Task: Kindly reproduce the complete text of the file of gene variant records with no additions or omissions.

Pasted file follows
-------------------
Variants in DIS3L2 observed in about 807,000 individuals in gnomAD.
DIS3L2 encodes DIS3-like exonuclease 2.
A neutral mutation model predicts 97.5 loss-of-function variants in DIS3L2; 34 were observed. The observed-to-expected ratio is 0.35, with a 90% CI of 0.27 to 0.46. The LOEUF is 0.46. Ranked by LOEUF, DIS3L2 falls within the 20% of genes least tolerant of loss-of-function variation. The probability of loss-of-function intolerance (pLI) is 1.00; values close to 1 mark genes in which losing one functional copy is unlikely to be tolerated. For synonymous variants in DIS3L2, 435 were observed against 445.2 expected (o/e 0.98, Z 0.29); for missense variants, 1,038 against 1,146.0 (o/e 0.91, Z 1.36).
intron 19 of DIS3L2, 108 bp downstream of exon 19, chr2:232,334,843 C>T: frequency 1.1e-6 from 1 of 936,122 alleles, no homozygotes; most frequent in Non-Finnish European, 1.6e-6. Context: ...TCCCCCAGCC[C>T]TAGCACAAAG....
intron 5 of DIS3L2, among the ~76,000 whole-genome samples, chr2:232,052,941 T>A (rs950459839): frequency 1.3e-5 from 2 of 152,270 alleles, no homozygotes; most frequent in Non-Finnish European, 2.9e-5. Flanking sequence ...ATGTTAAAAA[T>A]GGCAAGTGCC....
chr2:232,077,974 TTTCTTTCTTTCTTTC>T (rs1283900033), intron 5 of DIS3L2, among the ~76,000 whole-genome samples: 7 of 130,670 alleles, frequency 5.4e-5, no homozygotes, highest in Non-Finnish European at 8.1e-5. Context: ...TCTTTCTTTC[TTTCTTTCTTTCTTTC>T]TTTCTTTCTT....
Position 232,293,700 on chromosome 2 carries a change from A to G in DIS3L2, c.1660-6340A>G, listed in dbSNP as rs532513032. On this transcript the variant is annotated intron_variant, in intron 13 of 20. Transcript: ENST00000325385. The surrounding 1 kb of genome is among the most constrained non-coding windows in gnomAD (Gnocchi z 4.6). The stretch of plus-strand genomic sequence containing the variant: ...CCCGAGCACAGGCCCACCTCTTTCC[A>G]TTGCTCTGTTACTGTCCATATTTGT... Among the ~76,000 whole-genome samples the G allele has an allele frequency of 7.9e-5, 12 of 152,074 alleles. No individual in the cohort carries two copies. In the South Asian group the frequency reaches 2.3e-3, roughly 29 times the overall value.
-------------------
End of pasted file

Variants in DIS3L2 observed in about 807,000 individuals in gnomAD.
DIS3L2 encodes DIS3-like exonuclease 2.
A neutral mutation model predicts 97.5 loss-of-function variants in DIS3L2; 34 were observed. The observed-to-expected ratio is 0.35, with a 90% CI of 0.27 to 0.46. The LOEUF is 0.46. Ranked by LOEUF, DIS3L2 falls within the 20% of genes least tolerant of loss-of-function variation. The probability of loss-of-function intolerance (pLI) is 1.00; values close to 1 mark genes in which losing one functional copy is unlikely to be tolerated. For synonymous variants in DIS3L2, 435 were observed against 445.2 expected (o/e 0.98, Z 0.29); for missense variants, 1,038 against 1,146.0 (o/e 0.91, Z 1.36).
intron 19 of DIS3L2, 108 bp downstream of exon 19, chr2:232,334,843 C>T: frequency 1.1e-6 from 1 of 936,122 alleles, no homozygotes; most frequent in Non-Finnish European, 1.6e-6. Context: ...TCCCCCAGCC[C>T]TAGCACAAAG....
intron 5 of DIS3L2, among the ~76,000 whole-genome samples, chr2:232,052,941 T>A (rs950459839): frequency 1.3e-5 from 2 of 152,270 alleles, no homozygotes; most frequent in Non-Finnish European, 2.9e-5. Flanking sequence ...ATGTTAAAAA[T>A]GGCAAGTGCC....
chr2:232,077,974 TTTCTTTCTTTCTTTC>T (rs1283900033), intron 5 of DIS3L2, among the ~76,000 whole-genome samples: 7 of 130,670 alleles, frequency 5.4e-5, no homozygotes, highest in Non-Finnish European at 8.1e-5. Context: ...TCTTTCTTTC[TTTCTTTCTTTCTTTC>T]TTTCTTTCTT....
Position 232,293,700 on chromosome 2 carries a change from A to G in DIS3L2, c.1660-6340A>G, listed in dbSNP as rs532513032. On this transcript the variant is annotated intron_variant, in intron 13 of 20. Transcript: ENST00000325385. The surrounding 1 kb of genome is among the most constrained non-coding windows in gnomAD (Gnocchi z 4.6). The stretch of plus-strand genomic sequence containing the variant: ...CCCGAGCACAGGCCCACCTCTTTCC[A>G]TTGCTCTGTTACTGTCCATATTTGT... Among the ~76,000 whole-genome samples the G allele has an allele frequency of 7.9e-5, 12 of 152,074 alleles. No individual in the cohort carries two copies. In the South Asian group the frequency reaches 2.3e-3, roughly 29 times the overall value.